Which, yeah, risks harshing your buzz on that beautiful scene you just had. And I apologize for stomping on your squee. We’re not trying to tell you that this didn’t work for you – although maybe your interpretation of her pleasure wasn’t as clear-cut as you’d like to think it is.

What we’re trying to say is “Dude, you’re taking some mighty dangerous edge play and presenting it as though this was what people should do, and that is potentially hazardous.”

So call us consent police, if you gotta. But in the absence of knowing someone better, “Clear and enthusiastic consent” is the equivalent of “Don’t jab that torch into her hair.” It’s not that we’re consent police, we’re “safety protocol police,” and when you start presenting good outcomes as proof of good practices, we’re gonna kick up a fuss.

Because somewhere, there’s a woman with a keloid-scarred scalp, and a sagging eye where they reconstructed her cheek muscles. We owe it to her to point out the risks that other people are taking. And to provide that counterweight that maybe this beautiful, beautiful hair-burning scene arrived as a result of a lucky spin of a roulette wheel, and to point out those odds.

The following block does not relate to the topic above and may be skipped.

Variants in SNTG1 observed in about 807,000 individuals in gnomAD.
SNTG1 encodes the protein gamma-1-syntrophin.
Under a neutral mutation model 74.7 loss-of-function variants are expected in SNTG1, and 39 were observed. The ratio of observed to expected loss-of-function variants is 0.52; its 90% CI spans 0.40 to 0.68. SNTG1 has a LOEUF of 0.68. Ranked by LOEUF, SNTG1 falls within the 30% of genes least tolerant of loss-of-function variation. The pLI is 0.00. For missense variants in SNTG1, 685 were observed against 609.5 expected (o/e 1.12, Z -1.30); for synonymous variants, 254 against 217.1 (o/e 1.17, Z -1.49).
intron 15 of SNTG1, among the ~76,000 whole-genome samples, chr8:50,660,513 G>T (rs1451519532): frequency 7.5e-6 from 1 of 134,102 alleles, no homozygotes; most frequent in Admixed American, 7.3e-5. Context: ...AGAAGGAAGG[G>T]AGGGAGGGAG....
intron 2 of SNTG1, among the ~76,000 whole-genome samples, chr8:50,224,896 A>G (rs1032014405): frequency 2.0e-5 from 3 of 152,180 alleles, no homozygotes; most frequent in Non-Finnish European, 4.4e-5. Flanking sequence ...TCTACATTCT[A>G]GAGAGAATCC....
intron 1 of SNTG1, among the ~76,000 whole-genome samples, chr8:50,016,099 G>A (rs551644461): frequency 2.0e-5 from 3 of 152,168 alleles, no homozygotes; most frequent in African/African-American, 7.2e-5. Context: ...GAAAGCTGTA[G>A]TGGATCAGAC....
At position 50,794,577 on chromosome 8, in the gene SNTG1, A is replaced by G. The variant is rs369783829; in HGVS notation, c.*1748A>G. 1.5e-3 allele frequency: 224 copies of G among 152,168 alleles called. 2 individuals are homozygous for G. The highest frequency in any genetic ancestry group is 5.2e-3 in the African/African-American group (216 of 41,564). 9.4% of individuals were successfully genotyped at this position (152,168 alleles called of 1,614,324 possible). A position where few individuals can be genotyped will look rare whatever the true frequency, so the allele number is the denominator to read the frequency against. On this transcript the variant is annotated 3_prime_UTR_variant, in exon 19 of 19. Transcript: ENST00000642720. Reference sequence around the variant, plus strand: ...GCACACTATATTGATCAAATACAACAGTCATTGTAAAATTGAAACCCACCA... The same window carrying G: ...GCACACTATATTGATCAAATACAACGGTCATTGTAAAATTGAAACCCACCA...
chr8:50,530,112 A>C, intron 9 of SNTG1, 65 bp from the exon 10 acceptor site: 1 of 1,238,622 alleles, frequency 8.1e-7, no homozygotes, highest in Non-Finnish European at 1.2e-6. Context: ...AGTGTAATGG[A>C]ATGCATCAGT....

Cross-posted from Ferrett's Real Blog.

theferrett: (Meazel)

I have long claimed that The Flux is a bigger, better sequel to my book Flex – but doubtlessly, you’re all wondering about that one unassailable hallmark of quality:

How many times does Ferrett swear in The Flux?

If you’ll recall, my favorite review for Flex came from my Goddaughter Carolyn, who said “I would recommend this book to people ages 15+ because f*** is in the book on almost every page.”

Further investigation turned up that Flex contained the word “fuck” 95 times,  or roughly once every three pages.  (Most of that is from Valentine. She swears a lot.)  (Also, my friend Angie noted with amusement that I proceeded to toss off three more “fucks” in the acknowledgements like it was no big thang.)

So if The Flux really is bigger and better than Flex, should it not have more fucks in The Flux?  I did a little survey, and the answer is:

Yes!  The Flux is fuck-superior to Flex, with 101 fucks.  Fuckmathematically speaking, The Flux is 6.3% bigger than Flex.

…but honestly, my friends, I feel like you deserve better than statistical jiggery-pokery.  The truth is that The Flux is also a longer novel than Flex, so if you’re qualifying quantity as fuck-density, we’re still averaging the same rate of roughly one “fuck” every three pages.